, , ,

Hello everyone! Happy March. The most recent addition to ye olde Pie Gallery is…Calvados-Apple Custard Pie.

There are several reasons that certain recipes in Pie have languished for so long without being tried. One that I’ve mentioned previously is how elusive certain fruits are (loganberries, for example). Another common roadblock is that the pie requires a liqueur or liquor that we don’t have handy. Like apple brandy.

Calvados was brand new to me! If, like me, you need a bit of background, Calvados refers to apple or pear brandy from Normandy (apple, for the purposes of our pie of the day). It has a really pleasant flavor, and we’ve discovered that it’s quite nice just mixed with sparkling water. I’m going to be honest here: I just spent about 7 minutes perusing the Calvados Wikipedia article and found it super interesting. Take a look if you’d like (i.e. if you’re a nerd like me).

On to the pie. A partially pre-baked pastry is needed (I had two takes this time – read to the end of the post to see my faux pas). The filling is made by first sautéing large slices of apples (I used Honeycrisp) in butter, a little sugar, and a quarter cup of Calvados. The apples are placed aside to cool and then arranged in the bottom of the pie pastry. In a small pot on the stovetop, cream, more sugar, eggs, salt, vanilla, and 2 more tablespoons of Calvados form the custard. The custard is still a thin liquid when it is poured into the pie shell – it sets as it’s baking. Here’s a little photographic representation for ya!

The finished product as it came out of the oven was puffed slightly and had a gorgeous golden color. We cooled it to room temperature before partaking, and it did not disappoint; most especially for a pie we had mainly curiously and no real expectations towards! Levi threw in an overly superlative comment (“I think this really must be at least in my top five…”). However, if this was true every time he said it, we’d be looking at 57 pies in his top five. The flavor profile was complex, yet refined – despite the amount of brandy, it cannot be described as boozy. On the whole, this pie is a very elegant dessert, something I could imagine myself enjoying at a non-fussy French café.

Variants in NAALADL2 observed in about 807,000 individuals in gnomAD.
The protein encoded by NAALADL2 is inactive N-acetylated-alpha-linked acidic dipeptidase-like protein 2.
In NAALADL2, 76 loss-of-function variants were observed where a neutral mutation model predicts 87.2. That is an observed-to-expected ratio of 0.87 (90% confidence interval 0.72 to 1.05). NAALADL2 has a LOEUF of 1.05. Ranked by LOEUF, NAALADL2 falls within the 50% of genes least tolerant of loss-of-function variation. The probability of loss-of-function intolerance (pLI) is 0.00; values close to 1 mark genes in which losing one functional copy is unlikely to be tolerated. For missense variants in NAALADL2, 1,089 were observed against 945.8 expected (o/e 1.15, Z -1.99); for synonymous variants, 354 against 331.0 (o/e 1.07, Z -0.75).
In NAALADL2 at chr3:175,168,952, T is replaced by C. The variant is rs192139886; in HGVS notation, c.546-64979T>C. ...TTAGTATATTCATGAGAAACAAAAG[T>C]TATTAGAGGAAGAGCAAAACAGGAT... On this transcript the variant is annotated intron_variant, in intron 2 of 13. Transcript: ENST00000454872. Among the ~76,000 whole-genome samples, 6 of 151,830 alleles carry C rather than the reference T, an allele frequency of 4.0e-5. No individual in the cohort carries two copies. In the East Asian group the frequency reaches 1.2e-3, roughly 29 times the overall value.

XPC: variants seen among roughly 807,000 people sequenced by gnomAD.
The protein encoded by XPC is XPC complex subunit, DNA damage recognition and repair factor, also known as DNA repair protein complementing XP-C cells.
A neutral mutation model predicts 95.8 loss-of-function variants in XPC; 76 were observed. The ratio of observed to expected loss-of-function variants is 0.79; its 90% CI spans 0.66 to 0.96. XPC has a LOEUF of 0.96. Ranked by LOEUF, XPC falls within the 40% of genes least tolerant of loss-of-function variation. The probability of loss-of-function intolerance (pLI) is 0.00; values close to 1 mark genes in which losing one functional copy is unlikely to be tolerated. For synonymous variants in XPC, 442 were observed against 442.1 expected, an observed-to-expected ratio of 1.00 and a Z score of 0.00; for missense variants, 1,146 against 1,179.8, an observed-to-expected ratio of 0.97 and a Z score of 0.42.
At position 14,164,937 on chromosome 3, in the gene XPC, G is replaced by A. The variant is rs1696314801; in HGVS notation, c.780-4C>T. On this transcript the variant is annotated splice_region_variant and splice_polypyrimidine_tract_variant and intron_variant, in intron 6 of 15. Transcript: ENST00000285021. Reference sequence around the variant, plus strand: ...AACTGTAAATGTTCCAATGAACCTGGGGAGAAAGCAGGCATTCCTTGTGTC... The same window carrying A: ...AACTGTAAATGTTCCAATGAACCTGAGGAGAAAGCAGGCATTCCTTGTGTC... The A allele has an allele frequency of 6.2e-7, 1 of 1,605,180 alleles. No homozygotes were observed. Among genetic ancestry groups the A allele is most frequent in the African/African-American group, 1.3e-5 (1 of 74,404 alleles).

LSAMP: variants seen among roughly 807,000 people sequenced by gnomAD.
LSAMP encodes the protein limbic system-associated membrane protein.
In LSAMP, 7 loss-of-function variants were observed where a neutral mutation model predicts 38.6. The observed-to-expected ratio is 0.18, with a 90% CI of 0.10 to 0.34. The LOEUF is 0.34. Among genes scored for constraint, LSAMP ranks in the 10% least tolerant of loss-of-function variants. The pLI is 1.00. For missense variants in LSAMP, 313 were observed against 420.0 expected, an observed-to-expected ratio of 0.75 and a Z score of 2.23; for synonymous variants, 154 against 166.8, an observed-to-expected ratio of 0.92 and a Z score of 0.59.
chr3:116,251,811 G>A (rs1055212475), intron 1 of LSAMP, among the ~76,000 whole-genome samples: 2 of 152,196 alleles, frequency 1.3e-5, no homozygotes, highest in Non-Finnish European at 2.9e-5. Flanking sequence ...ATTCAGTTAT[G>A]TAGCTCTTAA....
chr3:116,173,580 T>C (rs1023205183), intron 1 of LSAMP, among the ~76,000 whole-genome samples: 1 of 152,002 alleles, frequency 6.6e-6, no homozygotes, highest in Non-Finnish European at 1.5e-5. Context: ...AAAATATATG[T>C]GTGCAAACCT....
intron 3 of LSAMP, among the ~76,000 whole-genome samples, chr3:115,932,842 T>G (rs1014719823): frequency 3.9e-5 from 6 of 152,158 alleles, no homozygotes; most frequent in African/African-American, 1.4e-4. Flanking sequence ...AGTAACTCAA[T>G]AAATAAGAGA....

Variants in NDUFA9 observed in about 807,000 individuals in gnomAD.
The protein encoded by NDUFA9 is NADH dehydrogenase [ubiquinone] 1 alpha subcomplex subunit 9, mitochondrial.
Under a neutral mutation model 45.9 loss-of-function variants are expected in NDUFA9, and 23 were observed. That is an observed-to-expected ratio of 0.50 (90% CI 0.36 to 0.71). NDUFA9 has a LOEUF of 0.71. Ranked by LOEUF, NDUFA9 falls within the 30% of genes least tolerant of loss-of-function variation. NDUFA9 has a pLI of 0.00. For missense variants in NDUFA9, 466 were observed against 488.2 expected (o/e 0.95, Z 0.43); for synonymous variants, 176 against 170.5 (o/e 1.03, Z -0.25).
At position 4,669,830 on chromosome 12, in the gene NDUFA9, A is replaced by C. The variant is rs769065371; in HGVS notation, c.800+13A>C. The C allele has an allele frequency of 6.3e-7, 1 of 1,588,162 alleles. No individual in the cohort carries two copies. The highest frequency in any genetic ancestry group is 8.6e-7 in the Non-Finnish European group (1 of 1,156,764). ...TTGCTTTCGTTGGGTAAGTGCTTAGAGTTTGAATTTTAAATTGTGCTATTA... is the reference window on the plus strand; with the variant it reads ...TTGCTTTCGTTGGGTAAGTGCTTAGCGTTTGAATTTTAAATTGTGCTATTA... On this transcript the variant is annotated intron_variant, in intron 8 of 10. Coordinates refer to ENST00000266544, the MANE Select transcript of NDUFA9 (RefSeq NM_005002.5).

In other news…I have pie failures sometimes! (I hope you’re not too surprised.) Let us analyze the poorly lit photo of a sad partially pre-baked pie crust, below, and see what we can learn together.

Observations: The crust has shrunken, while baking, to a shape that would never contain a custard filling. The edges are poorly defined (no attempt at fluting and very little at crimping). There is also a color/pattern that I might call “Pie Stretch Marks”.

Hypotheses: This was an All-Butter Pastry. I rarely use this recipe, as I like the flakiness that comes from half butter and half shortening or oil, not to mention that plowing through a whole stick of butter per single pastry isn’t super cost-effective. However, the Calvados-Apple Custard Pie recipe did suggest using this recipe based on the unbeatable flavor of the purely butter crust, and I liked that idea. The real thing I’m not sure of is how often I’ve pre-baked an only-butter crust. It’s probably not happened many other times, and I’m curious if that’s a factor. My other thought was that this pastry was probably a little bit overworked, and tighter gluten strands started to form, causing the crust to pull together and shrink. (Hence, Pie Stretch Marks). Finally, I know for sure that I did not roll this pastry out as wide as I should have. When you put a pie crust in a dish, you want it to feel very roomy- if you’re pulling and stretching at the edges to try to make your pie tall enough (as I was here) you can anticipate problems.

Conclusion: I could have probably done something with this, we talked briefly about getting some whipping cream and berries and making a funny pavlova-type situation, but the bottom line was that it was a busy day, we didn’t really need more dessert, and it was best to just move on. Bye bye, shrunken buttery pie.

Here’s an aerial shot to sign off with. Peace, love, and board games. ✌️